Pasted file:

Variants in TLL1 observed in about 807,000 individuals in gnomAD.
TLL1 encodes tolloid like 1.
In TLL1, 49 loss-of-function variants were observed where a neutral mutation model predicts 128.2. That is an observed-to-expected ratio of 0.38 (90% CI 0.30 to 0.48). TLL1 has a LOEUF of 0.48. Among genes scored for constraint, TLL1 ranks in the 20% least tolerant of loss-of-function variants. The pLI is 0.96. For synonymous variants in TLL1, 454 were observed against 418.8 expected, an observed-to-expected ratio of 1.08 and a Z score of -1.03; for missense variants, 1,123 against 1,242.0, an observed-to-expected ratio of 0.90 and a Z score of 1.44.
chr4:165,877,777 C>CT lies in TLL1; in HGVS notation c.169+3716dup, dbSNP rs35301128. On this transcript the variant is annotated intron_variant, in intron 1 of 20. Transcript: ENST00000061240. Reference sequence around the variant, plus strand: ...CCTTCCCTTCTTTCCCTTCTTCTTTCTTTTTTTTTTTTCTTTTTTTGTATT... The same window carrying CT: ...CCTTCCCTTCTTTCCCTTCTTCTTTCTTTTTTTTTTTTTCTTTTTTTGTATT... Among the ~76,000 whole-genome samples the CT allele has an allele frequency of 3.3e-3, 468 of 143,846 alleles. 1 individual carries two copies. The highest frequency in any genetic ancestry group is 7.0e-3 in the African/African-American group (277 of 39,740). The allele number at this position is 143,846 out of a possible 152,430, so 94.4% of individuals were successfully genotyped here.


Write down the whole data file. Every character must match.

Variants in TLL1 observed in about 807,000 individuals in gnomAD.
TLL1 encodes tolloid like 1.
In TLL1, 49 loss-of-function variants were observed where a neutral mutation model predicts 128.2. That is an observed-to-expected ratio of 0.38 (90% CI 0.30 to 0.48). TLL1 has a LOEUF of 0.48. Among genes scored for constraint, TLL1 ranks in the 20% least tolerant of loss-of-function variants. The pLI is 0.96. For synonymous variants in TLL1, 454 were observed against 418.8 expected, an observed-to-expected ratio of 1.08 and a Z score of -1.03; for missense variants, 1,123 against 1,242.0, an observed-to-expected ratio of 0.90 and a Z score of 1.44.
chr4:165,877,777 C>CT lies in TLL1; in HGVS notation c.169+3716dup, dbSNP rs35301128. On this transcript the variant is annotated intron_variant, in intron 1 of 20. Transcript: ENST00000061240. Reference sequence around the variant, plus strand: ...CCTTCCCTTCTTTCCCTTCTTCTTTCTTTTTTTTTTTTCTTTTTTTGTATT... The same window carrying CT: ...CCTTCCCTTCTTTCCCTTCTTCTTTCTTTTTTTTTTTTTCTTTTTTTGTATT... Among the ~76,000 whole-genome samples the CT allele has an allele frequency of 3.3e-3, 468 of 143,846 alleles. 1 individual carries two copies. The highest frequency in any genetic ancestry group is 7.0e-3 in the African/African-American group (277 of 39,740). The allele number at this position is 143,846 out of a possible 152,430, so 94.4% of individuals were successfully genotyped here.